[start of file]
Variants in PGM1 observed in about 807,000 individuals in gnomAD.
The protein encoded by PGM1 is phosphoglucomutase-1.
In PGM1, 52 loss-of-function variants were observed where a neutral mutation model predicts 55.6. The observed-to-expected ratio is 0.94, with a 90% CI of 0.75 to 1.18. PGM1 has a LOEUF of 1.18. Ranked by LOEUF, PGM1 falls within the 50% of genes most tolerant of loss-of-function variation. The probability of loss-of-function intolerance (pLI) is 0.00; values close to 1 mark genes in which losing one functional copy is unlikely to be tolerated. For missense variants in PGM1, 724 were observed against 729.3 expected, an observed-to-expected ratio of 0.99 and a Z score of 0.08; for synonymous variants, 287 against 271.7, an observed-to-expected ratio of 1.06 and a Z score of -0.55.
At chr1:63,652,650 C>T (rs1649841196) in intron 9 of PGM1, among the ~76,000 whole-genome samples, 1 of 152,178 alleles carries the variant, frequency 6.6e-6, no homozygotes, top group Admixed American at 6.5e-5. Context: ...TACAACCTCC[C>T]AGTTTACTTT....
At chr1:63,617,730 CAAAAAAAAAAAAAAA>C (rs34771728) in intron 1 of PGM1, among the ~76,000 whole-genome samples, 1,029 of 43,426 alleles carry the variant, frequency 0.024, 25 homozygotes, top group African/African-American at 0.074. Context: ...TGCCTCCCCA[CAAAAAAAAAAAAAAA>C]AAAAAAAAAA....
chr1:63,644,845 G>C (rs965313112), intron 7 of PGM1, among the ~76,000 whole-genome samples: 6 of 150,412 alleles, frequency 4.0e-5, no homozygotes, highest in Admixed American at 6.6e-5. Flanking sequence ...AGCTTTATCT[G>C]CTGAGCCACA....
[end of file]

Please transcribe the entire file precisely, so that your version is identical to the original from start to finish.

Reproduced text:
Variants in PGM1 observed in about 807,000 individuals in gnomAD.
The protein encoded by PGM1 is phosphoglucomutase-1.
In PGM1, 52 loss-of-function variants were observed where a neutral mutation model predicts 55.6. The observed-to-expected ratio is 0.94, with a 90% CI of 0.75 to 1.18. PGM1 has a LOEUF of 1.18. Ranked by LOEUF, PGM1 falls within the 50% of genes most tolerant of loss-of-function variation. The probability of loss-of-function intolerance (pLI) is 0.00; values close to 1 mark genes in which losing one functional copy is unlikely to be tolerated. For missense variants in PGM1, 724 were observed against 729.3 expected, an observed-to-expected ratio of 0.99 and a Z score of 0.08; for synonymous variants, 287 against 271.7, an observed-to-expected ratio of 1.06 and a Z score of -0.55.
At chr1:63,652,650 C>T (rs1649841196) in intron 9 of PGM1, among the ~76,000 whole-genome samples, 1 of 152,178 alleles carries the variant, frequency 6.6e-6, no homozygotes, top group Admixed American at 6.5e-5. Context: ...TACAACCTCC[C>T]AGTTTACTTT....
At chr1:63,617,730 CAAAAAAAAAAAAAAA>C (rs34771728) in intron 1 of PGM1, among the ~76,000 whole-genome samples, 1,029 of 43,426 alleles carry the variant, frequency 0.024, 25 homozygotes, top group African/African-American at 0.074. Context: ...TGCCTCCCCA[CAAAAAAAAAAAAAAA>C]AAAAAAAAAA....
chr1:63,644,845 G>C (rs965313112), intron 7 of PGM1, among the ~76,000 whole-genome samples: 6 of 150,412 alleles, frequency 4.0e-5, no homozygotes, highest in Admixed American at 6.6e-5. Flanking sequence ...AGCTTTATCT[G>C]CTGAGCCACA....